Better late than never

Professionally published at last!

The timing was almost perfect. After about a three month wait, the Globe and Mail published my review of Gregory Maguire's latest novel set in the wonderful world of Oz, A Lion Among Men (I'll be posting it here anon, but figure that since the Globe paid for the piece, they should have exclusive access to it for a while). At the same time, this website was ready to go live on Saturday as well — or so I thought.

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What Is an "Edifice Rex"?

Why an "edifice"? Why "online"?

A brief note on the history of names

January 26, 2009

I'm not a full-time punster, but sometimes cheap word-play gives me a great deal of pleasure.

Edifice Rex doesn't "mean" anything. Rather, the name descends from my early experiments in publishing.

Back in the early 1980s, when I was in high-school, I edited and "published", via a friend's father's office photo-copier, an arts magazine we called The House of the Dying Tree — don't ask what (if anything) that meant, either; it's too long ago.

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Sorta Fact

"Sorta fact"?

"When I use a word," Humpty Dumpty said in rather a scornful tone. "It means just what I choose it to mean — neither more or less."

— Lewis Carrol (1832 - 1898)

Geoffrey Dow, circa 2005

The kid was a friend of my younger brother's, which means he was a couple of years younger than I. Yet I found myself atop him, holding him down and shouting, "You lie! You lie! You lie!"

And it's true, Sylvain lied constantly, about matters trivial and important — he lied so consistently that I now I wonder if he even understood the difference between truth and falsehood, reality and fantasy.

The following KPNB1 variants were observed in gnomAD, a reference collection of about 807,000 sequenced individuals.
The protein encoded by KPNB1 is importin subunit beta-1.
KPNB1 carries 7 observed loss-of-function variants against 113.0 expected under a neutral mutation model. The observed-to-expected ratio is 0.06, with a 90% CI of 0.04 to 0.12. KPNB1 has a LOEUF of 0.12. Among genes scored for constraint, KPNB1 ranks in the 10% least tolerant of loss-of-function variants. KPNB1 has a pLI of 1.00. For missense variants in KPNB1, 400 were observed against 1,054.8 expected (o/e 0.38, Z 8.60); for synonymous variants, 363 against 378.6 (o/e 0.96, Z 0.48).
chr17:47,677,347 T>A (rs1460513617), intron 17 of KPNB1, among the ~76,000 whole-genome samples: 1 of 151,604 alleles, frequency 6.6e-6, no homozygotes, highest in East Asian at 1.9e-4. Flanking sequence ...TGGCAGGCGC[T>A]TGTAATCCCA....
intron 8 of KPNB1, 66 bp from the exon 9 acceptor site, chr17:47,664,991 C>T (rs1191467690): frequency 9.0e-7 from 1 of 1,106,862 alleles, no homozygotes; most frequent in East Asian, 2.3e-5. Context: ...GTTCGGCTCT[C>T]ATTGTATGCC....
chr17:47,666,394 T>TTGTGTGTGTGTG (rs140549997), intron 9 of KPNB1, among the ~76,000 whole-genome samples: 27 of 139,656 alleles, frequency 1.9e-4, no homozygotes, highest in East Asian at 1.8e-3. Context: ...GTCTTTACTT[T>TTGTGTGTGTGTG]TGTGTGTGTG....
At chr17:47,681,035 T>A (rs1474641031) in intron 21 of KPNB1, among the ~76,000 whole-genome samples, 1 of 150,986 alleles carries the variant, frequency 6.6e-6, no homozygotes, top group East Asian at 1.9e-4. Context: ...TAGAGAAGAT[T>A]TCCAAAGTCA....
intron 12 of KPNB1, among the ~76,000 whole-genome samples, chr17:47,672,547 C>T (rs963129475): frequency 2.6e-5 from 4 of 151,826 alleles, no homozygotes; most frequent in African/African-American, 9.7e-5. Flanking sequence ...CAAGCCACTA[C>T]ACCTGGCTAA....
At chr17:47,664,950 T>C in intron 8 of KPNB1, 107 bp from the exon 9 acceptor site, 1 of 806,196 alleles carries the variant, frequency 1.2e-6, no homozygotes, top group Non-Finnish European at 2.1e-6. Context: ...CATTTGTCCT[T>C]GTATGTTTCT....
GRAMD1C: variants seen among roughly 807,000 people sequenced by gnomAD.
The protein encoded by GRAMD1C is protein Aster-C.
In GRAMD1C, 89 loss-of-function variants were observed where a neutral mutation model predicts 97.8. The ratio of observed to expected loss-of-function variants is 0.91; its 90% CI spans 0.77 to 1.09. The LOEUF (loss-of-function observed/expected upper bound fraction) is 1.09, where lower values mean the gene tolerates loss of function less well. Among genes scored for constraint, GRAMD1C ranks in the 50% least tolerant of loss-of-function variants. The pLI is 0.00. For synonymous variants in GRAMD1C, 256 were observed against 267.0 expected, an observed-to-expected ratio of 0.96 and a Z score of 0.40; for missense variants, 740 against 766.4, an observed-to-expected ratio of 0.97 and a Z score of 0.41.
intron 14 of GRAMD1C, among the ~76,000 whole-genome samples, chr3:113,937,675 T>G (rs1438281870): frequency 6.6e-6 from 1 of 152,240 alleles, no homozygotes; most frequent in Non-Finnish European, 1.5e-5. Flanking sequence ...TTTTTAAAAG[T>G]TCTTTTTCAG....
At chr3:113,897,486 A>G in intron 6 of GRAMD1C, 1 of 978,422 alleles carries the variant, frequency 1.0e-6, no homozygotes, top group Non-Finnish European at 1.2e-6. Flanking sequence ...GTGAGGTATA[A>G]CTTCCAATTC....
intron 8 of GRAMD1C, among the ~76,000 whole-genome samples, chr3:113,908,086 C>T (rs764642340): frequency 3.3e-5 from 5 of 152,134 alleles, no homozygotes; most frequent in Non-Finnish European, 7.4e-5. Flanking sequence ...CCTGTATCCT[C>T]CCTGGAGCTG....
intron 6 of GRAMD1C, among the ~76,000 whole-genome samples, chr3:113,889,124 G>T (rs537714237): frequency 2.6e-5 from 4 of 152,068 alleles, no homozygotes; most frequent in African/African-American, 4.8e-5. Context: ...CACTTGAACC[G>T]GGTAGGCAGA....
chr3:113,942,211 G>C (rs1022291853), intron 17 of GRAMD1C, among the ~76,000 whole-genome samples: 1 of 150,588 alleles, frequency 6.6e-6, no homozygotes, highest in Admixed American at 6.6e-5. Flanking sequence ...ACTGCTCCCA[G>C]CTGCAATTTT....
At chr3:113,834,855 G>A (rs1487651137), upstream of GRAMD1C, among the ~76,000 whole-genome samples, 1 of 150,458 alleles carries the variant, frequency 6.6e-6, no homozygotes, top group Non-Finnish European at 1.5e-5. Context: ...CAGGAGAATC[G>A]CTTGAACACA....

The precise nature of the lie that set me off is now lost to me, but I still understand my young self's rage; that truth matters is something I have implicitly believed from a very young age. At times I have surprised people because I will (more or less) happily stop an argument or discussion with those too-rare words, "I was wrong."

It has taken me decades to understand on a gut-level that those three simple words are not easy for most people to say[1], that in an action I find relatively easy others see some kind of humiliation or, at least, a substantial loss of face.

My first conscious lesson in that difference between myself and many others came during my late teens or very early 20s, in conversation with a friend with whom I had shared a very unusual relationship.

We'd met on the first day of Grade seven, when we had both expressed interest in joining (starting? Memory is a hazy affair at the best of times) a chess club. We quickly learned we had a lot more in common than just chess and we soon became fast friends, revelling in intellectual confrontation. He was a Christian, I an atheist; he was a Liberal, I a Socialist. And we argued about it all, enthusiastically and, sometimes, to the point where debate degenerated to fighting.

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